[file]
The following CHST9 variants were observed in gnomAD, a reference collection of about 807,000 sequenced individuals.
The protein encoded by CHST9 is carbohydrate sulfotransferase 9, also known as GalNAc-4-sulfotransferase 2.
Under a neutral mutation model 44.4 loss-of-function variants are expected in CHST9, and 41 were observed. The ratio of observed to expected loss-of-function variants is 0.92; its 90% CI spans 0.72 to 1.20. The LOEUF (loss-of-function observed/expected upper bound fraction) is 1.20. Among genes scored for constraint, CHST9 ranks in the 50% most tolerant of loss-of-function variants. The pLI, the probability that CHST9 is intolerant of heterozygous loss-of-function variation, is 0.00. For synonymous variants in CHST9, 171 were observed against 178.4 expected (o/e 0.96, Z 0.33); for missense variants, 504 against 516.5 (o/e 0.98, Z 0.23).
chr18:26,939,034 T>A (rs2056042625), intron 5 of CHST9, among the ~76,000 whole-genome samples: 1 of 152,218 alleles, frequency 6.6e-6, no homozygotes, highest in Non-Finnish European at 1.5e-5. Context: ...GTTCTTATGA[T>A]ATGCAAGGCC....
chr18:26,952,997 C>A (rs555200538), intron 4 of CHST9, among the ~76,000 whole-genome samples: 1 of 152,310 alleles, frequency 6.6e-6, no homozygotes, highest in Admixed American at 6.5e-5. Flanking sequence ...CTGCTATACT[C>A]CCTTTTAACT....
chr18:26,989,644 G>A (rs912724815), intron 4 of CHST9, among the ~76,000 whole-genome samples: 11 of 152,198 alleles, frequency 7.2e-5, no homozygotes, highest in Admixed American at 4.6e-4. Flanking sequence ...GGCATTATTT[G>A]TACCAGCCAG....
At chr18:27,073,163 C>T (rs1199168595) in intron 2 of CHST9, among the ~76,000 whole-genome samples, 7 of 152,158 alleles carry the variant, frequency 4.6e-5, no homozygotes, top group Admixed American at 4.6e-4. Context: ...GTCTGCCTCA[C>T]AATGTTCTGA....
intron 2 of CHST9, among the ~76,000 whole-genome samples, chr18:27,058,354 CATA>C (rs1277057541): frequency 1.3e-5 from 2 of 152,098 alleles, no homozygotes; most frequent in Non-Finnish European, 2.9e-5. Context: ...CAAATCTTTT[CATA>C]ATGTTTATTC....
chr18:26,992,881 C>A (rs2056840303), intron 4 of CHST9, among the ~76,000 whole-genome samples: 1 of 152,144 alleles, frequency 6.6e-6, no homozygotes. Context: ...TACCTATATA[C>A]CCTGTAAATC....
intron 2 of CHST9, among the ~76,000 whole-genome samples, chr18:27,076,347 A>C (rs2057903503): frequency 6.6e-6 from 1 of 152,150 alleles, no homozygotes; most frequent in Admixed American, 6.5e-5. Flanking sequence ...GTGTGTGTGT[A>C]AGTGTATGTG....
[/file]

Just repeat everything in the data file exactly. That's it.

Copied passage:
The following CHST9 variants were observed in gnomAD, a reference collection of about 807,000 sequenced individuals.
The protein encoded by CHST9 is carbohydrate sulfotransferase 9, also known as GalNAc-4-sulfotransferase 2.
Under a neutral mutation model 44.4 loss-of-function variants are expected in CHST9, and 41 were observed. The ratio of observed to expected loss-of-function variants is 0.92; its 90% CI spans 0.72 to 1.20. The LOEUF (loss-of-function observed/expected upper bound fraction) is 1.20. Among genes scored for constraint, CHST9 ranks in the 50% most tolerant of loss-of-function variants. The pLI, the probability that CHST9 is intolerant of heterozygous loss-of-function variation, is 0.00. For synonymous variants in CHST9, 171 were observed against 178.4 expected (o/e 0.96, Z 0.33); for missense variants, 504 against 516.5 (o/e 0.98, Z 0.23).
chr18:26,939,034 T>A (rs2056042625), intron 5 of CHST9, among the ~76,000 whole-genome samples: 1 of 152,218 alleles, frequency 6.6e-6, no homozygotes, highest in Non-Finnish European at 1.5e-5. Context: ...GTTCTTATGA[T>A]ATGCAAGGCC....
chr18:26,952,997 C>A (rs555200538), intron 4 of CHST9, among the ~76,000 whole-genome samples: 1 of 152,310 alleles, frequency 6.6e-6, no homozygotes, highest in Admixed American at 6.5e-5. Flanking sequence ...CTGCTATACT[C>A]CCTTTTAACT....
chr18:26,989,644 G>A (rs912724815), intron 4 of CHST9, among the ~76,000 whole-genome samples: 11 of 152,198 alleles, frequency 7.2e-5, no homozygotes, highest in Admixed American at 4.6e-4. Flanking sequence ...GGCATTATTT[G>A]TACCAGCCAG....
At chr18:27,073,163 C>T (rs1199168595) in intron 2 of CHST9, among the ~76,000 whole-genome samples, 7 of 152,158 alleles carry the variant, frequency 4.6e-5, no homozygotes, top group Admixed American at 4.6e-4. Context: ...GTCTGCCTCA[C>T]AATGTTCTGA....
intron 2 of CHST9, among the ~76,000 whole-genome samples, chr18:27,058,354 CATA>C (rs1277057541): frequency 1.3e-5 from 2 of 152,098 alleles, no homozygotes; most frequent in Non-Finnish European, 2.9e-5. Context: ...CAAATCTTTT[CATA>C]ATGTTTATTC....
chr18:26,992,881 C>A (rs2056840303), intron 4 of CHST9, among the ~76,000 whole-genome samples: 1 of 152,144 alleles, frequency 6.6e-6, no homozygotes. Context: ...TACCTATATA[C>A]CCTGTAAATC....
intron 2 of CHST9, among the ~76,000 whole-genome samples, chr18:27,076,347 A>C (rs2057903503): frequency 6.6e-6 from 1 of 152,150 alleles, no homozygotes; most frequent in Admixed American, 6.5e-5. Flanking sequence ...GTGTGTGTGT[A>C]AGTGTATGTG....